4.5.1    Effect of n-butanol fraction on serum liver damage biomarkers/liver function parameters in CCl4 induced liver damage in rats
4.5.2    Effect of n-butanol fraction on kidney function parameters of CCl4 induced liver damage in rats
4.6       Oxidative Stress Parameters
4.6.1    Effect of n-butanol fraction on oxidative stress parameters in CCl4 induced liver damage in rats

CHAPTER FIVE
5.0 DISCUSSION

CHAPTER SIX
6.0       Summary, Conclusion and Recommendations
6.1       SUMMARY
6.2       CONCLUSION
6.3       RECOMMENDATIONS
REFERENCE

CHAPTER ONE
INTRODUCTION
1.1 Preamble
Herbal medicines are herbal preparations produced by subjecting plant materials to extraction, fractionation, purification, concentration or other physical or biological processes which may be produced for immediate consumption or as a basis for herbal products (WHO, 2001). Notwithstanding the extent of significant advancement in modern medicine in recent decades, plants still make an important contribution to health care. Traditionally they are used worldwide for the prevention and treatment of disease. Herbal plants were prescribed even when their active compounds were unknown because of their effectiveness and relatively low cost (Bhawna and Kumar, 2010). This observation is particularly more relevant to people in the developing countries of the world where the majority of the populations are living in the rural areas.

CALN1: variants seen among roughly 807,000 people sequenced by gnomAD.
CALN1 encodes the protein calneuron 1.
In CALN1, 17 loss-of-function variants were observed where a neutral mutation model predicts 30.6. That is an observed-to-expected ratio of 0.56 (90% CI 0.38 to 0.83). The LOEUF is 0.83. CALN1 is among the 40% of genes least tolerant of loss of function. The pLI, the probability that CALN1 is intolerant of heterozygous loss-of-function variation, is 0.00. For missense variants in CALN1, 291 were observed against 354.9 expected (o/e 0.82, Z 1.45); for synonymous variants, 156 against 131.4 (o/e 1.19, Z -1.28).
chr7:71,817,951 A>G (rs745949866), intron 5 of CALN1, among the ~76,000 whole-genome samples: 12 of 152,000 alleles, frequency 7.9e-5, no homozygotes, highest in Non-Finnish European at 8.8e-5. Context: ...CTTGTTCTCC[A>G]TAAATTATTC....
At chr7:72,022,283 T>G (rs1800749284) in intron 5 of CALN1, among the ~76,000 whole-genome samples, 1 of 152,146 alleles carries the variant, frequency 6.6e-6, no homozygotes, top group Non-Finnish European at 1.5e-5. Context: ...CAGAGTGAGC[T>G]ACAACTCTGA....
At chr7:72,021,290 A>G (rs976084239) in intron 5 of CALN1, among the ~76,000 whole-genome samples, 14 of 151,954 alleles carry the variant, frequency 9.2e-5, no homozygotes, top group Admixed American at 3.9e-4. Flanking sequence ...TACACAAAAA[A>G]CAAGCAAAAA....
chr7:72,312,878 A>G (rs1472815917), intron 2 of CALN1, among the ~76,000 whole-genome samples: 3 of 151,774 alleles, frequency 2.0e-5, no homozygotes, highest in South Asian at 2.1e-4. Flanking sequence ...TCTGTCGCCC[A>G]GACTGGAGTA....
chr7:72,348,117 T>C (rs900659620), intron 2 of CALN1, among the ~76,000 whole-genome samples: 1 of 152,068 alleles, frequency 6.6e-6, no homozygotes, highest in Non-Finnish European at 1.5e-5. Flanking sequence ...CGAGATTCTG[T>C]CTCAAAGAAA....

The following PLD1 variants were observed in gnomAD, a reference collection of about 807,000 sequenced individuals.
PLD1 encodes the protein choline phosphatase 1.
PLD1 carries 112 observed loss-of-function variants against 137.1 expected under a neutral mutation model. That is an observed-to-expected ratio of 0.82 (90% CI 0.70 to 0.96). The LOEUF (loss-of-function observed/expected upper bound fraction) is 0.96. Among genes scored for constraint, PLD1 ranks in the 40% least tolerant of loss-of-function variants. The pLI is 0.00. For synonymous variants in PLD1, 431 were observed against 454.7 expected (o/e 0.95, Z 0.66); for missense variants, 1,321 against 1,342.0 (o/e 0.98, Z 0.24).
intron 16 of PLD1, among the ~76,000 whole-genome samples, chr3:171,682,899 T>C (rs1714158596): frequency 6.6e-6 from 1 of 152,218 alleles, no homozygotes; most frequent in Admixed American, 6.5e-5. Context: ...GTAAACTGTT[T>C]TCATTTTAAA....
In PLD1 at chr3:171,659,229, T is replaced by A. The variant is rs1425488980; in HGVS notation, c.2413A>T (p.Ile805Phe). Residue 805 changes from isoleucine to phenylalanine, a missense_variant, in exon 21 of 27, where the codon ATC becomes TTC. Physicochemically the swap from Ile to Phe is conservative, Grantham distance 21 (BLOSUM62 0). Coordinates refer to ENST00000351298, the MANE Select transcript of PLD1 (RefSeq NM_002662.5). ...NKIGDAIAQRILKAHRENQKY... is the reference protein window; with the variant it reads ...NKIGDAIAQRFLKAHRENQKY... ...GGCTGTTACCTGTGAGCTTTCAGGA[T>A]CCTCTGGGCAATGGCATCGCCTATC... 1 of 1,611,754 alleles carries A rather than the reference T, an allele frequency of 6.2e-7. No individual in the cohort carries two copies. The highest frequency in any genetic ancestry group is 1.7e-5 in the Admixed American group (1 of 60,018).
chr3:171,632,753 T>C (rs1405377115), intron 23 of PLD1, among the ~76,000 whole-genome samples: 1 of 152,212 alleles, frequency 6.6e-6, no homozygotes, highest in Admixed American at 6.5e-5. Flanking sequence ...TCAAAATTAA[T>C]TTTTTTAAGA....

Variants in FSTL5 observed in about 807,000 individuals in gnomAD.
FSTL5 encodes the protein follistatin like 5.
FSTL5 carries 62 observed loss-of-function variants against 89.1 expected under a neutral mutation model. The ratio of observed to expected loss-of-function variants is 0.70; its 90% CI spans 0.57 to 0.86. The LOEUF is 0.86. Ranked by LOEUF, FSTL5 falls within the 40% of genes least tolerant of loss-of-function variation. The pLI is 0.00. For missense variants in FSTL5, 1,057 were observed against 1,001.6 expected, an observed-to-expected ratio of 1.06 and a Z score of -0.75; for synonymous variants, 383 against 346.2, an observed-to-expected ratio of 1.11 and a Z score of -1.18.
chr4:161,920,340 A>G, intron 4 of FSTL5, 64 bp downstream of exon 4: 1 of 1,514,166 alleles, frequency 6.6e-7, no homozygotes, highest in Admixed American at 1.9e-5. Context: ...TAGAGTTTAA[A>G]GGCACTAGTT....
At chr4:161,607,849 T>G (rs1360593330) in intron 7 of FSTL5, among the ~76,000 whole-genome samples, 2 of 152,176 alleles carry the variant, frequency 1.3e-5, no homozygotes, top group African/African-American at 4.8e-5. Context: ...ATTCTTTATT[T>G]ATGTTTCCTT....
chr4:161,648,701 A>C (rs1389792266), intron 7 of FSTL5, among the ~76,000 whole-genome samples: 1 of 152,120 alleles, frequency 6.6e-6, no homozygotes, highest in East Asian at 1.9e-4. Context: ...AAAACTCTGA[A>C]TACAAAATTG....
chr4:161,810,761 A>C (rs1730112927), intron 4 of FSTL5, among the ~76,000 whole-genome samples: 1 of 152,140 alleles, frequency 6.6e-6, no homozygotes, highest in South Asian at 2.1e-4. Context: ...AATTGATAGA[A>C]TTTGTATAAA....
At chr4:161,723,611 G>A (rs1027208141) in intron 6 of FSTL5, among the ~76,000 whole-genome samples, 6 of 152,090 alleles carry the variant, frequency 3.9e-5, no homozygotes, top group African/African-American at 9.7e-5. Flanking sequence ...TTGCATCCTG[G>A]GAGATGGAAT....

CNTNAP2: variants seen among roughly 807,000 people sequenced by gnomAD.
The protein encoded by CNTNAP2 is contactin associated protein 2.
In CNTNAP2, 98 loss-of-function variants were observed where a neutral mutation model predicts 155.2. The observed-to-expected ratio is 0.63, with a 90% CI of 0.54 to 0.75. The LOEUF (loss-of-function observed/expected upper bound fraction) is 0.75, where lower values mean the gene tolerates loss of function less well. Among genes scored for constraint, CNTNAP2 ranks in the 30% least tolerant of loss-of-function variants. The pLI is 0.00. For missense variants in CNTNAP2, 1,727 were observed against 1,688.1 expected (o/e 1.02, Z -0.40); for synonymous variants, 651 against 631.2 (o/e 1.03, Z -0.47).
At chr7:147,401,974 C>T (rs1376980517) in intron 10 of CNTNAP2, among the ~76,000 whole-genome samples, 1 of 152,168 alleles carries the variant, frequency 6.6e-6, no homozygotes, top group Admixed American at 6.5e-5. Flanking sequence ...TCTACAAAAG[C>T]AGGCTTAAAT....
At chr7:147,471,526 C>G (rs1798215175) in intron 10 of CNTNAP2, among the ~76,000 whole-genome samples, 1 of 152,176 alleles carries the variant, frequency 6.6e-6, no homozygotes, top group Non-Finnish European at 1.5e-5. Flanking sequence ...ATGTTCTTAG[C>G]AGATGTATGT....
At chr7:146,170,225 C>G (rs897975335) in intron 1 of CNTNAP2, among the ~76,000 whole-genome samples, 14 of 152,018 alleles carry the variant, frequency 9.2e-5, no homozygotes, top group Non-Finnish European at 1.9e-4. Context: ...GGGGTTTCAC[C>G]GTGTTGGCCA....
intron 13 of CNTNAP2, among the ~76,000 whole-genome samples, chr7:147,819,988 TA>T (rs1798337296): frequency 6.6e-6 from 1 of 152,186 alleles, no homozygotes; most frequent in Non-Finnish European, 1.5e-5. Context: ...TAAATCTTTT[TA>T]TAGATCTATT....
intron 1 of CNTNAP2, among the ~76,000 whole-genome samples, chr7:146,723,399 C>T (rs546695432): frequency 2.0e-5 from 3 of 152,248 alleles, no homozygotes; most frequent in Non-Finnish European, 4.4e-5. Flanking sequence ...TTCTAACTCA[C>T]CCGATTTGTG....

The liver plays an important role in regulating various physiological processes. It is essential in the body for maintenance, performance and regulating homeostatic functions. It is involved with almost all the biochemical pathways for growth, fight against diseases, nutrient supply, energy provision and reproduction. In addition, it aids metabolism of carbohydrate, protein and fat, detoxification, secretion of bile and storage of vitamins (Ahsan et al., 2009). Because of its central role in drug metabolism, it is the most vulnerable tissue for drug toxicity (Sunil et al., 2012). The role played by the liver in the removal of substances from the portal circulation makes it susceptible to persistent attack by offending foreign compounds, culminating in liver dysfunction (Bodakhe and Ram, 2007). The liver secretes bile, prothrombin, fibrinogen, blood-clotting factors and heparin, a mucopolysaccharide sulfuric acid ester that prevents blood from clotting within the circulatory system (Bhawna and Kumar, 2010). Toxic chemicals, xenobiotics, alcohol consumption, malnutrition, anaemia, medications, autoimmune disorders (Marina, 2006), viral infections (hepatitis A, B, C, D, etc.) and microbial infections (Sharma and Ahuja, 1997) are harmful and cause damage to the hepatocytes.